Researchers tracking a campaign targeting high-net worth businesses and individuals in the United States and the Netherlands say attackers are operating from servers in Russia, Albania and China to carry out electronic funds transfers.
In June, researchers at McAfee and Guardian Analytics published findings on the racket, dubbed “Operation High Roller," which delivers Zeus and SpyEye variants using automated techniques.
McAfee has now followed up with a new study released last Tuesday, giving insight on the origin of the attacks, which in some cases resulted in the attempted transfer of up to US$130,000.
New findings suggest that scammers linked to the ring used automated transfer tactics dating back to late 2011 to steal money from European banks.
Ryan Sherstobitoff, a researcher at McAfee and author of the report, said the campaign originated on a server hosted in Kemerovo, Russia. The hosting provider was also connected to servers in Albania and China.
“These campaigns, like many other attempts at fraud, originated in Eastern Europe, so it is not surprising that the actors had an extensive history of Zeus and SpyEye [trojan] activity,” Sherstobitoff wrote in the report.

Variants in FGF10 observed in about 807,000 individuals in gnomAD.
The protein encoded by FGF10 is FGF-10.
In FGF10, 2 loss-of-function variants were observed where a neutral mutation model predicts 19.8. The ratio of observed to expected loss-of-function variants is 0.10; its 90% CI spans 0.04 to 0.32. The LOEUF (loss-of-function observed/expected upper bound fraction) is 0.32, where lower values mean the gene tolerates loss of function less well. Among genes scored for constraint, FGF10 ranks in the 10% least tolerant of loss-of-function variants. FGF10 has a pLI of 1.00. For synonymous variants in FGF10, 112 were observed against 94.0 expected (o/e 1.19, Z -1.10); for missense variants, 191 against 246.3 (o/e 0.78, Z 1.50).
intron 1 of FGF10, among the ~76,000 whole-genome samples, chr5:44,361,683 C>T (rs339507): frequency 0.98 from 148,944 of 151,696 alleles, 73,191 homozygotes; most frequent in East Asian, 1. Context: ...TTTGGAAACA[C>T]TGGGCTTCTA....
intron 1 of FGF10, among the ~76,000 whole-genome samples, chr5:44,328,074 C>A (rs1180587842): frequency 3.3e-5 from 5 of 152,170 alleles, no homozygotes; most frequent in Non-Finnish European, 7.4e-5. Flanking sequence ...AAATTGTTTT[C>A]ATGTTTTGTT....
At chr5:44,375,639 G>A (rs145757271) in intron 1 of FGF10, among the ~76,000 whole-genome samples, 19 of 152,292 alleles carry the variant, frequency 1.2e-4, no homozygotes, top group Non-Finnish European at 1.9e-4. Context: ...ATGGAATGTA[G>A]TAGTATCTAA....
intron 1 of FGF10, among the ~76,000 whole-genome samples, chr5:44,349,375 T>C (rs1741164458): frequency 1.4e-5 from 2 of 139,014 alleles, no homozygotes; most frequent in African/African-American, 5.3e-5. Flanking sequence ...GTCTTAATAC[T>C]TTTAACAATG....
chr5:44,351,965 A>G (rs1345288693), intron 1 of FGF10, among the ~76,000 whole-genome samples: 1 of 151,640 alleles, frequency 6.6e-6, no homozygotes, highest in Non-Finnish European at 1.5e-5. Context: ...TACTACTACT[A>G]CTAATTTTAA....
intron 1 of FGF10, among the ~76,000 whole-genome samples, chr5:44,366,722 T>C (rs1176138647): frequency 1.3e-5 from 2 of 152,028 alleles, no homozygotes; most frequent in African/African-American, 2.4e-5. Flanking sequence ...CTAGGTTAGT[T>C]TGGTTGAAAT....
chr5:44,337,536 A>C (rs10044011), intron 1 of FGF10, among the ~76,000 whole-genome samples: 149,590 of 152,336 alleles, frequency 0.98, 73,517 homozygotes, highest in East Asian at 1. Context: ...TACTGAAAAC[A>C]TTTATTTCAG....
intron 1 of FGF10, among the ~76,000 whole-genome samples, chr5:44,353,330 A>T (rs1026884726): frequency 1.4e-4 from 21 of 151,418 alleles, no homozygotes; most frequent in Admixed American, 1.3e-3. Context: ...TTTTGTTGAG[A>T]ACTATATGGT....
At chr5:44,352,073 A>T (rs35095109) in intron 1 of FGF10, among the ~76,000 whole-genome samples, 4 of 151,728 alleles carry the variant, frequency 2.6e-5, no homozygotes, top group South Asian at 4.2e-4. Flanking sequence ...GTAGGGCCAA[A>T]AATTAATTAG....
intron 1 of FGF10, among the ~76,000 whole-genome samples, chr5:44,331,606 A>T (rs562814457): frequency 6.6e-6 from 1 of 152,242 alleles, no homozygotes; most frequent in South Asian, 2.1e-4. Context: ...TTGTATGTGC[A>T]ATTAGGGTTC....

“These fraudsters planned these campaigns for some time and actively participated in other criminal activity long before Operation High Roller was conceived.”
He added that the initial fraud victims were likely the “test ground” for attackers wanting to refine their schemes.
The attack method first compromises victims through phishing, before launching a man-in-the-browser assault to steal credentials to login to accounts on banking sites.
Attackers, who were already capable of beating authentication controls like chip-and-PIN safeguards, have made their tactics more advanced by using a complex network of servers and numerous strains of banking trojans.
While the fraudsters' goals are to target any entity or individual with a high cash flow, new research found that there has been a prevalence of manufacturing, import and export businesses, and state and local governments falling victim to the attacks.
Crooks prefer the electronic payments system --particularly the Automated Clearing House (ACH), which is used by businesses for things like direct deposits -- to drain bank accounts.
Avivah Litan, vice president and distinguished analyst at Gartner, told SCMagazine.com in a Friday that that ACH fraud is often initiated through socially-engineered email ruses or sometimes by a simple phone call, if scammers are bold enough to do so.
"They tend to target high-value accounts," Litan said. "They will also do some social engineering to target certain bank employees assigned to private banking clients. They are familiar with the person's voice. Sometimes they may email pretending to be the wealthy individual who's in a hurry."